Today I was reading up on Pentecost. I had forgotten it’s 50 days after Easter. Jesus ascended to Heaven 40 days after the resurrection, then it was 10 more days before the Holy Spirit came and the church was born, 3,000 converts strong.

Somehow, I picture all this happening closer together. After that first day when Jesus appeared to Mary, then the disciples in the upper room, eight days later he appeared in the upper room again, only this time when Thomas was present. “After this,” Jesus again appears at the Sea of Galilee when seven of the disciples decide to go fishing. “Fished all night and caught no fishes,” until Jesus said, “Drop your nets on the other side.” Of course, they caught so many, the nets overflowed. But that happens at least 9 days after Jesus has risen.

Think back to what you were doing on Easter this year. Now feel the distance from then until now. I’m sure the days have been full as you have resumed a post-Easter rhythm.

But what rhythm did the disciples pick back up? For us, it was a solemn, holiday weekend. For them, the world turned upside down. Emotionally, they were plunged from normal to excruciating to mind-boggling, heart-resuscitating resurrection. And in nine days, they saw Jesus three times. I wonder what that was like for them.

I’m kind of caught by the picture of Peter and six others sitting around trying to figure out what to do with themselves. Finally, Peter says, “I’m going fishing.” The others can’t say, “Me too!” fast enough. Where was Jesus? The guys don’t seem overly bothered by his absence. It’s more like they are just “in-between.” Their world has been shaken. Things aren’t the way they were, and they won’t ever be again. In some cases, they are not who they thought themselves to be. They’ve been told something is coming, but it’s not here yet. Jesus isn’t right there with them, so conversation isn’t happening. They’re at a loose end; so, they do what they know. They go fishing.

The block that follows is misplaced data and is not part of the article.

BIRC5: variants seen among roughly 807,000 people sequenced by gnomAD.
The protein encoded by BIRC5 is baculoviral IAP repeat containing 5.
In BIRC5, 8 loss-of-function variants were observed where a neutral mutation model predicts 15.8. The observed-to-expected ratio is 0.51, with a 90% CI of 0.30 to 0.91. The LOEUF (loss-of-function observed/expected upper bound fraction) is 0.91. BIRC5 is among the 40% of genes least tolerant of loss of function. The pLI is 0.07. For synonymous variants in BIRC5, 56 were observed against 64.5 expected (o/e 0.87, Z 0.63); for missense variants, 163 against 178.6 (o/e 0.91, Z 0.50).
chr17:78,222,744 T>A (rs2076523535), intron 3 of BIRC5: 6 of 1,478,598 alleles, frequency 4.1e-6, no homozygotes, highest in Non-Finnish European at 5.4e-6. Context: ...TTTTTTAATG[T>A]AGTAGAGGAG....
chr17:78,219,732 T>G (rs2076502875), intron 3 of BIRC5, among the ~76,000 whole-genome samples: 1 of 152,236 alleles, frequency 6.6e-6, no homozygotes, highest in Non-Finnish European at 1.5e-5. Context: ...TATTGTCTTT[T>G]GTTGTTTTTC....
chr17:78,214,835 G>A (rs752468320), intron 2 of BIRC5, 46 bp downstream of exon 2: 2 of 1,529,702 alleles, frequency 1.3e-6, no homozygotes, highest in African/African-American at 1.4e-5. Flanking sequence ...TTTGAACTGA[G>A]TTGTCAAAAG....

I wonder how we experience in-between times like these? Times when life has changed, but God doesn’t seem overly near. We’re waiting on something that hasn’t come and don’t know quite what to do with ourselves.

It seems intriguing to me that the disciples weren’t looking for where to find Jesus. In each appearance, Jesus came to them. Even in the Luke verses that talk about many more God revealing’s in those days (to whom we don’t know), Jesus seeks the person out. And incredibly, the disciples seem ok with this. Ok enough to not be at home waiting and ready for when Jesus would appear next. Ok enough to climb in a boat and head out 100 yards offshore and get caught up in fishing.

What’s happening here?

So often in my “in-between” I feel like I need to go find Jesus. Where did he go? What did I miss? What do I need to put in place or do better, so I don’t miss him again? Surely his presence should be always felt. Surely, as one of his chosen, I will know what he’s up to and be Johnny-on-the-spot with him, for him. Surely, since there are big things coming, we should be getting ourselves ready and be on alert. Surely, I need to let him know that I am ready and available.

Don’t I?

Amazingly, Jesus comes to find his friends. He makes their efforts at fishing successful. He gets a fire going for the fish he already has. The whole thing is just so ordinary and un-dramatic. And that’s the backdrop for the life-changing conversation with Peter.

What is your in-between these days? How do you sense or not sense God’s presence in it? What is your inward response? What would you like to say to God about it?


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